Have you ever wondered why your dog acts a certain way or has particular behaviors? The reasons why they do what they do are often simple if you look at it from the dog’s perspective. So, if you have ever asked: “why does my dog do that” then read on!
Answer #1: Breed Origin
The dog as we know it today is derived from basically one original wild source, but it has been mutated over thousands of years to create the genetic diversity we now see. Man has created umpteen different breeds all for different purposes like hunting, vermin control, protection, and herding.
Many of the issues people see in their own individual dogs is directly related to the breed of dog and what it was originally bred for. If your dog has certain tendencies, it is likely a very instinctual desire and knowing that makes training easier.
Here are some examples:
Terriers love to dig! Many terriers are go-to-ground dogs, which means they were bred to independently go into burrows and underground holes to either assist a hunter or control vermin. These guys will burrow to China, if bored.
This is an issue that happens with active livestock herding breeds like Corgis, Shelties, and Aussies. These guys are bred to move livestock, and nipping (along with circling and barking) is a classic device used to control difficult livestock. This can be very frustrating if the dog lives with small children that run and scream a lot.
This happens in a lot of breeds where barking was bred into them for alerting purposes, so it can be seen from tiny terriers to large guarding breeds.
Suspicious and aloof with strangers:
Typically occurs in either herding breeds, which have to be suspicious of intruders to protect a flock, and guarding breeds, where suspicion is primary in the job description. Early and on-going socialization is a must!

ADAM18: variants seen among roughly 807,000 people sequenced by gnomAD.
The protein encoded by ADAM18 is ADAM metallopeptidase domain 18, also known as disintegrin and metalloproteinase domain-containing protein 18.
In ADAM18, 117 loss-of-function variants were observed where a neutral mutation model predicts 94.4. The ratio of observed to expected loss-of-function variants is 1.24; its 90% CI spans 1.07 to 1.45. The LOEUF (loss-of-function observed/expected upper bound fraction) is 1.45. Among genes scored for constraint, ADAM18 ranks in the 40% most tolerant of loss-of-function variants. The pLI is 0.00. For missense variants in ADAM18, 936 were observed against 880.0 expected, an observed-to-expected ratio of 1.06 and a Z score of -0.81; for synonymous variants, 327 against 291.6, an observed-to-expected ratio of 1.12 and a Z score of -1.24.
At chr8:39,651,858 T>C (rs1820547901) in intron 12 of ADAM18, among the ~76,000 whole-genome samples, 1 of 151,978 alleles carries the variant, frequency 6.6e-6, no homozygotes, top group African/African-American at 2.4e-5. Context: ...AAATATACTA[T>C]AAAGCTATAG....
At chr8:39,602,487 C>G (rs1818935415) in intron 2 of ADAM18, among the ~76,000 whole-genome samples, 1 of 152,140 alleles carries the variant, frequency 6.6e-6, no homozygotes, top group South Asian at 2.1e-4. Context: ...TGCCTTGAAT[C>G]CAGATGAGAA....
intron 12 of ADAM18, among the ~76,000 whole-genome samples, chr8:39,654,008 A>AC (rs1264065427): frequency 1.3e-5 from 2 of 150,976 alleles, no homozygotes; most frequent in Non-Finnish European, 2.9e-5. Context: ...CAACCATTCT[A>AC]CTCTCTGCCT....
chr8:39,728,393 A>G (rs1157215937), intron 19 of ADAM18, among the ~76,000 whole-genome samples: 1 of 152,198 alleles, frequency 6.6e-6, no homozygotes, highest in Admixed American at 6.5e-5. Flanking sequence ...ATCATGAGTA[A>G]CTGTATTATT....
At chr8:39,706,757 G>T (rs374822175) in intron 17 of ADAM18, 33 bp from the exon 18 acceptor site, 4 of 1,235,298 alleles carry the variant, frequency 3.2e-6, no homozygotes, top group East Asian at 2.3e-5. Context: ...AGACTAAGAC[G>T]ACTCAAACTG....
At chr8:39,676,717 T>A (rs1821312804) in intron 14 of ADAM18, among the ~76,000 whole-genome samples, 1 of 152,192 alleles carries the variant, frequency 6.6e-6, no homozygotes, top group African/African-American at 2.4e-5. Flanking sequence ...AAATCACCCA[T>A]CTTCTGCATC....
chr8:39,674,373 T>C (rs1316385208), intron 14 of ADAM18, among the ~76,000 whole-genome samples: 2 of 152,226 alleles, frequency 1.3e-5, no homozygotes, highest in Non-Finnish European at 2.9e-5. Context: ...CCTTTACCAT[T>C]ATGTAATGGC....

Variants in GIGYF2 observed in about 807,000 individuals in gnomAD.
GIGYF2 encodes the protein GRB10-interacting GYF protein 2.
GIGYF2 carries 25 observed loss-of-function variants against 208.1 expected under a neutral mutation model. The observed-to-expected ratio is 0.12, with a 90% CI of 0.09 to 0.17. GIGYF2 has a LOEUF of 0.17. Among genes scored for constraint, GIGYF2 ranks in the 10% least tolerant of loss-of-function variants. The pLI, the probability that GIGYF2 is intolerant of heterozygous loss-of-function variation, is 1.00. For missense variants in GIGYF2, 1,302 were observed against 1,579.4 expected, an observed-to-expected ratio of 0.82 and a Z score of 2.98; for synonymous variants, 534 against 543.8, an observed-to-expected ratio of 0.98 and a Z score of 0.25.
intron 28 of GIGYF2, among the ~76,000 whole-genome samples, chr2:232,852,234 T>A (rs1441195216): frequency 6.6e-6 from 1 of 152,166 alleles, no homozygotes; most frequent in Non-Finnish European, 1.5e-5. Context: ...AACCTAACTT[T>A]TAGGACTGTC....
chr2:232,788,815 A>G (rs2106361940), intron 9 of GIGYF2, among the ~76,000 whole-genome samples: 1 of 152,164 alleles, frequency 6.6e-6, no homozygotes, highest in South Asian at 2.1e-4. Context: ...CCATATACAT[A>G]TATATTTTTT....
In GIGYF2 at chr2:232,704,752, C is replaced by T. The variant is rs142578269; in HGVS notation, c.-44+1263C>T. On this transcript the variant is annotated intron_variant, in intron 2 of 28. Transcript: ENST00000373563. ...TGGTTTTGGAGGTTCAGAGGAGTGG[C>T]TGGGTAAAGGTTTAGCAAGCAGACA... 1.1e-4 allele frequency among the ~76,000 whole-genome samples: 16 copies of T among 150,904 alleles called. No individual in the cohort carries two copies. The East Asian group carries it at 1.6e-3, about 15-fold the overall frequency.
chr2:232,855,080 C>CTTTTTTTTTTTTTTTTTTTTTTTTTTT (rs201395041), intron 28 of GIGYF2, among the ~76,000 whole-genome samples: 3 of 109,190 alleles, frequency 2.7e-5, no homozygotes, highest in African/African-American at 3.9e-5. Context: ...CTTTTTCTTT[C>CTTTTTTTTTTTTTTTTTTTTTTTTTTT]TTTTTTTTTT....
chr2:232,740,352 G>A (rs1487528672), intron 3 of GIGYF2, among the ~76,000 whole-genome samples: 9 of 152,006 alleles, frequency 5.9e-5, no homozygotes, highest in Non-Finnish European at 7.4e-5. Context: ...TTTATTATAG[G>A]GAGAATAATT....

Mouthing and chewing:
Mouthing and chewing happen with breeds of dogs that are orally fixated, usually a lot of the retriever and bird dog breeds.
Smelling the ground:
Any tracking breed like a beagle or bloodhound simply cannot resist smelling on a walk!
These are just a few examples, but knowing your dog’s origins can help to explain a lot of what you might be having a hard time dealing with.
Answer #2: Boredom and Lack of Exercise
The goal every day should be to have a tired and happy dog. If your dog is not physically and mentally stimulated every day, he will exercise himself in other manners like chewing the house apart, incessant barking, or digging.
Challenge your dog with a variety of forms of exercise like his own sand digging pits, child’s swimming pool with diving toys, vigorous walks, or more advanced training options like agility, lure coursing, obedience, herding, or tracking.
Provide mental games too with busy toys that release food, like the Buster Cube or games of hide n’ seek.
Answer #3: Lack of Consistency
Many troubles people have come down to the simple lack of consistency in the dog training process. Dogs cannot decipher when something is okay and when it is not if you are not consistent.
For example: Loose Leash Walking
If one family member allows the dog to sniff and pull wherever it wants on a walk, it makes it substantially more difficult for anyone else in the family. Everyone should have the same system of walking and the same rules so that the dog clearly understands what is expected of it by everybody.
Only when you are 100% consistent with rules (no jumping on anyone, ever) can a dog fully understand what to do. If you break the rules, even just once, your dog will not forget that time, and you will continue to have problems.